Is Apple Becoming A 'YES' Player?

| About: Apple Inc. (AAPL)
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With Yahoo sale dragging on, Apple might want to explore some options.

Recent filings show company may want to sell excess energy.

Search ad business for apps could be extremely lucrative.

Last week, there was no extraordinary news regarding Apple (NASDAQ:AAPL) that would make investors change their mind instantly about the company. Perhaps that is why none of the five trading days saw the stock's volume even close to the three month daily average. But there were some interesting small tidbits of news that could become important over time, and they can be thought of as "YES."

Y is for Yahoo (YHOO):

It seems like the bidding process for Yahoo's core assets is taking forever. There are many complex parts, so bidders are going over a mountain of data. Some of the key players, such as Verizon (NYSE:VZ), may not be interested in all of what Yahoo has to offer. That is where I believe Apple could come in.

Yahoo is looking to monetize a portfolio of about 3,000 patents, as well as some real estate assets. I'm sure the real estate assets could be useful down the line, especially if they are in crowded Silicon Valley, but the statement from Yahoo on its patents could be more interesting, as detailed in the article linked above:

This represents a unique opportunity for companies operating in the internet industry to acquire some of the most pioneering and foundational patents related to web search and advertising.

Apple spent $3 billion on Beats and $1 billion for a stake in Didi, so with plenty of cash still on the books, Apple should sniff around a bit. I would be highly surprised if there was nothing in Yahoo's block that could help Apple, since these patents date back to 1996 and are supposedly related to Yahoo's original search technology, e-commerce, and online advertising. The last part may be key, because when you get down to the "S" segment you'll see why there may be a good combination here.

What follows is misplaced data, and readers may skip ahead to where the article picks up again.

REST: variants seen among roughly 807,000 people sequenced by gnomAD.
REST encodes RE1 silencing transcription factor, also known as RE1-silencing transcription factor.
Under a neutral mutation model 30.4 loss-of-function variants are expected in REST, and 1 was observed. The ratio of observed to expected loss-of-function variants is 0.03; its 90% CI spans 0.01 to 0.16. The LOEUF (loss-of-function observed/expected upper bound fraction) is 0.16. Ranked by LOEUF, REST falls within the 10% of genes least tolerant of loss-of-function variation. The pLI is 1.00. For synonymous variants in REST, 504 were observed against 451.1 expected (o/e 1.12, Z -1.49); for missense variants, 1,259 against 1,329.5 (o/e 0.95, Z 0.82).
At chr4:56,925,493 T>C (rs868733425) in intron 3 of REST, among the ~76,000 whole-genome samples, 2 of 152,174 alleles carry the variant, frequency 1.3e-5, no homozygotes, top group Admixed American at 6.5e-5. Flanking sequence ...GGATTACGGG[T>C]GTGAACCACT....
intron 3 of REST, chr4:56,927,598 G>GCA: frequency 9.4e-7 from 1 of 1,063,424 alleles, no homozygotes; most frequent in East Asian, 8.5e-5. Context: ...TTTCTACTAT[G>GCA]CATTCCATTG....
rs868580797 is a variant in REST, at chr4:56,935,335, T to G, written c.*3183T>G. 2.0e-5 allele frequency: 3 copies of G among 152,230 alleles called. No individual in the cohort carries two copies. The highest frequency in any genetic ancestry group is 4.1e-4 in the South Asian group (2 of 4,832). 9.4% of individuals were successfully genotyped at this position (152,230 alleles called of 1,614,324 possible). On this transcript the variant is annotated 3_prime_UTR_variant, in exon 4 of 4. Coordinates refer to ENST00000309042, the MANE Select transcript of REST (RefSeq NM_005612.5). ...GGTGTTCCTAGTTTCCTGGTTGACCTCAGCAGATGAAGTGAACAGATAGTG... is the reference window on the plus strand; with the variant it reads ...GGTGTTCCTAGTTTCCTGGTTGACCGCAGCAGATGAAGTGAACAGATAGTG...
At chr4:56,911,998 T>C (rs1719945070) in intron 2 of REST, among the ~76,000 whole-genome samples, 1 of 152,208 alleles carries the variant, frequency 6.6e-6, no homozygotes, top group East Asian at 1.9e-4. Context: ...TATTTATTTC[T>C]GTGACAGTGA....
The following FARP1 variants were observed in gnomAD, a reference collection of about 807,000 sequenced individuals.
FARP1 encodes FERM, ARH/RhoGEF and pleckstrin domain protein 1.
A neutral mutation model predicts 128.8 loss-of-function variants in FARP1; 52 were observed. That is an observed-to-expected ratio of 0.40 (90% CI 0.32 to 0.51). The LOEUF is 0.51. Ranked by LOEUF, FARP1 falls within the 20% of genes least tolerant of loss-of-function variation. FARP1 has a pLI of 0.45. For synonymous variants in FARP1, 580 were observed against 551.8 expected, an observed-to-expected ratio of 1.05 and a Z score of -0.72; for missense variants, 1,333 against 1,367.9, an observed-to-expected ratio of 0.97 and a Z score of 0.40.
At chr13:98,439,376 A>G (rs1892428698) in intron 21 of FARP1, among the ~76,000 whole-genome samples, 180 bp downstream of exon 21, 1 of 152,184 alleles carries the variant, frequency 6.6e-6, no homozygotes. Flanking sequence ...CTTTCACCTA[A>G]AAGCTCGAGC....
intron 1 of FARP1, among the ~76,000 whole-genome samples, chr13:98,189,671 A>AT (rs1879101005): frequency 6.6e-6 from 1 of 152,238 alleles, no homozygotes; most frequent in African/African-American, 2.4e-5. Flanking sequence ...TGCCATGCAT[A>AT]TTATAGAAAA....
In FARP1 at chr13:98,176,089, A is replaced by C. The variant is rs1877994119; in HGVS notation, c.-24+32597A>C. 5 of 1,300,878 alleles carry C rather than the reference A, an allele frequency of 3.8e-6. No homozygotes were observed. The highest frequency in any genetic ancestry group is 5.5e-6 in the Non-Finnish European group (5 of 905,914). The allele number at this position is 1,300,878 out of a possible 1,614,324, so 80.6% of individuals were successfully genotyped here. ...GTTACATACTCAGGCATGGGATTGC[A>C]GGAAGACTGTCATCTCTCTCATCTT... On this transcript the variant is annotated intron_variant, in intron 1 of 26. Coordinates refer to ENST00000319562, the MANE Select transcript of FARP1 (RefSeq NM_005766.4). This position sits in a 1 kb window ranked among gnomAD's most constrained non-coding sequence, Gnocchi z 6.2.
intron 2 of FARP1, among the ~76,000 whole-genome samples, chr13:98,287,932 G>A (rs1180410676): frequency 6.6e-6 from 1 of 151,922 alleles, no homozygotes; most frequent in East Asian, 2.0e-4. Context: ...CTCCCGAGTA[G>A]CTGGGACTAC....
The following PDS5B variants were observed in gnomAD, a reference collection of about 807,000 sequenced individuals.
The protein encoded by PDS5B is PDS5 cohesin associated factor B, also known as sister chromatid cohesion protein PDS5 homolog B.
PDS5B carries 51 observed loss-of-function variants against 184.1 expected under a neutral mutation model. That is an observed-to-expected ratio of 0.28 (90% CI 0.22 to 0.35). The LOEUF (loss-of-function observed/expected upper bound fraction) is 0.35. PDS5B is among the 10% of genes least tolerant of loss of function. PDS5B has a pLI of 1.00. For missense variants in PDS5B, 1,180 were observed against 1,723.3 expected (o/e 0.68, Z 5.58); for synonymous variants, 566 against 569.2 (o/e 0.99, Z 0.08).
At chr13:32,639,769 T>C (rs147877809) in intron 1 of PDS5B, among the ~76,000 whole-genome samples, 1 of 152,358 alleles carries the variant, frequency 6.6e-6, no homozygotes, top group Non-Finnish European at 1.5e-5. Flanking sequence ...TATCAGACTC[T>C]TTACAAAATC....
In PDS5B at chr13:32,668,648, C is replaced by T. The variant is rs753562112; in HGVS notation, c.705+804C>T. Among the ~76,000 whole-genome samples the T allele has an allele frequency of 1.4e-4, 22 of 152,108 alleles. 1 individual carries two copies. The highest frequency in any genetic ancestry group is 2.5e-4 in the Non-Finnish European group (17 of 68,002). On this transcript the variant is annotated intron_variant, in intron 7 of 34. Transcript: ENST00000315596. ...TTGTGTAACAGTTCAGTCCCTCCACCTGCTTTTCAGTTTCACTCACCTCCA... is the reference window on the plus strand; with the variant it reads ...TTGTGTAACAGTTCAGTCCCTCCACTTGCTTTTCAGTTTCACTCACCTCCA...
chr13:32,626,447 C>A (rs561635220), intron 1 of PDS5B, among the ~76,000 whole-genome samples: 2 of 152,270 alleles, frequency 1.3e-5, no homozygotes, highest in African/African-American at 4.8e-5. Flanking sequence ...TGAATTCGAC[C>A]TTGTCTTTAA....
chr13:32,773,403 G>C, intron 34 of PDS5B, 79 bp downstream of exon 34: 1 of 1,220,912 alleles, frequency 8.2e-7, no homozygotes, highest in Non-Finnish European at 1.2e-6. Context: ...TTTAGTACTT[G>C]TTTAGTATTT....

E is for energy:

Like a number of firms, Apple is committed to going green. The company has built solar farms in Cupertino and Nevada in order to use more renewable energy. But what if those solar farms generate more electricity than Apple is able to use? Well, it seems as if there is a solution to that issue.

Last week, 9to5Mac reported that Apple has created an energy subsidiary ("Apple Energy") in an effort to sell excess electricity across the US. Because Apple is not aiming to make a big move in the energy business, it is applying to sell that excess electricity at market rates. There is also the possibility of Apple looking down the road at its electric vehicle, but that's a few years out it seems. For now, it would make sense for Apple to sell its excess electricity, and while you won't see any meaningful impact to the income statement, any extra revenues are always welcome.

S is for search:

Last week, Apple SVP Phil Schiller, recently put in charge of the App Store, confirmed that the company will begin showing search adds for apps within the App Store. This is an effort to takes on the likes of Google/Alphabet (NASDAQ:GOOG) (NASDAQ:GOOGL) and Facebook (NASDAQ:FB). As the SA market current linked above states, it is believed that Facebook generates billions in revenues from its app ad business.

Apple is looking for ways to diversify the business beyond hardware, and we've heard a lot in recent months about the growing services business. If Apple were to get some patents related to online advertising, it could built out its platform even more. Hopefully, Apple can use app ads to further bolster revenues and earnings generated from the App Store. For more details on how all of this will work, read this article.

Final thoughts:

None of the items I discussed today seem individually flashy, but you can't spell sexy without the letters y, e, and s. While Apple investors are looking for big headlines out of the company, especially at this week's developer's conference, it is under the radar moves like these that are helping to form the company's future. Selling excess electricity and small ads may not add up to billions right away, but anything that can help stem current revenue declines is definitely welcome. Perhaps Apple should sniff around at some Yahoo assets as well, hoping to find the "X" factor that could make all of this look rather sexy.

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